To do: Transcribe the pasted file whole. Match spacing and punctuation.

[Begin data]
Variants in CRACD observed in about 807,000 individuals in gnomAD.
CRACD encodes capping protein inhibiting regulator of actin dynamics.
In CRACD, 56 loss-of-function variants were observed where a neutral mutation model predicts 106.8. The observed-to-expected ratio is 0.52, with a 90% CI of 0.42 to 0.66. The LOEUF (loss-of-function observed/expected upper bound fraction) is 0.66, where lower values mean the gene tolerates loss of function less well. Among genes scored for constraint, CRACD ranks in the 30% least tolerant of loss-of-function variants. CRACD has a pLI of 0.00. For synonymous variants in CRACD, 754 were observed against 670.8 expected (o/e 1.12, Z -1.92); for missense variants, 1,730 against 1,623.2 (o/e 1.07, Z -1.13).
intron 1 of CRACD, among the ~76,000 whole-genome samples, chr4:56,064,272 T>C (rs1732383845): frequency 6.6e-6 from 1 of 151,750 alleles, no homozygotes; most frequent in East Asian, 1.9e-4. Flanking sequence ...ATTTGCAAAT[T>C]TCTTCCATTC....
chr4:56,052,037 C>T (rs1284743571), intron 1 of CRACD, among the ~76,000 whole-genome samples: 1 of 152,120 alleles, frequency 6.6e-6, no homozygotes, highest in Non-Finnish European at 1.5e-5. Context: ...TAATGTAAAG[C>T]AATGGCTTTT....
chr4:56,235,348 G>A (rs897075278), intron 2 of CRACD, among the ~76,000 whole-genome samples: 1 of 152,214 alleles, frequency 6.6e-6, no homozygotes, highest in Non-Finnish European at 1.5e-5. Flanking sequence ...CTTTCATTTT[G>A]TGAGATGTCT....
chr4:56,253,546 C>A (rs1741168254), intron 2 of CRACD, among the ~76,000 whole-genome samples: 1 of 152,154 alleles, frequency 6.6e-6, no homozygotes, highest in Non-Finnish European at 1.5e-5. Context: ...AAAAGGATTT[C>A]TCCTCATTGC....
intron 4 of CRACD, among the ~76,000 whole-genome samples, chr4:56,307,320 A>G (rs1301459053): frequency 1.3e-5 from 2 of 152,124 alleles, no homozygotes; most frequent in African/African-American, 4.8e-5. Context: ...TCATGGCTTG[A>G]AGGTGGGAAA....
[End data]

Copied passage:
Variants in CRACD observed in about 807,000 individuals in gnomAD.
CRACD encodes capping protein inhibiting regulator of actin dynamics.
In CRACD, 56 loss-of-function variants were observed where a neutral mutation model predicts 106.8. The observed-to-expected ratio is 0.52, with a 90% CI of 0.42 to 0.66. The LOEUF (loss-of-function observed/expected upper bound fraction) is 0.66, where lower values mean the gene tolerates loss of function less well. Among genes scored for constraint, CRACD ranks in the 30% least tolerant of loss-of-function variants. CRACD has a pLI of 0.00. For synonymous variants in CRACD, 754 were observed against 670.8 expected (o/e 1.12, Z -1.92); for missense variants, 1,730 against 1,623.2 (o/e 1.07, Z -1.13).
intron 1 of CRACD, among the ~76,000 whole-genome samples, chr4:56,064,272 T>C (rs1732383845): frequency 6.6e-6 from 1 of 151,750 alleles, no homozygotes; most frequent in East Asian, 1.9e-4. Flanking sequence ...ATTTGCAAAT[T>C]TCTTCCATTC....
chr4:56,052,037 C>T (rs1284743571), intron 1 of CRACD, among the ~76,000 whole-genome samples: 1 of 152,120 alleles, frequency 6.6e-6, no homozygotes, highest in Non-Finnish European at 1.5e-5. Context: ...TAATGTAAAG[C>T]AATGGCTTTT....
chr4:56,235,348 G>A (rs897075278), intron 2 of CRACD, among the ~76,000 whole-genome samples: 1 of 152,214 alleles, frequency 6.6e-6, no homozygotes, highest in Non-Finnish European at 1.5e-5. Flanking sequence ...CTTTCATTTT[G>A]TGAGATGTCT....
chr4:56,253,546 C>A (rs1741168254), intron 2 of CRACD, among the ~76,000 whole-genome samples: 1 of 152,154 alleles, frequency 6.6e-6, no homozygotes, highest in Non-Finnish European at 1.5e-5. Context: ...AAAAGGATTT[C>A]TCCTCATTGC....
intron 4 of CRACD, among the ~76,000 whole-genome samples, chr4:56,307,320 A>G (rs1301459053): frequency 1.3e-5 from 2 of 152,124 alleles, no homozygotes; most frequent in African/African-American, 4.8e-5. Context: ...TCATGGCTTG[A>G]AGGTGGGAAA....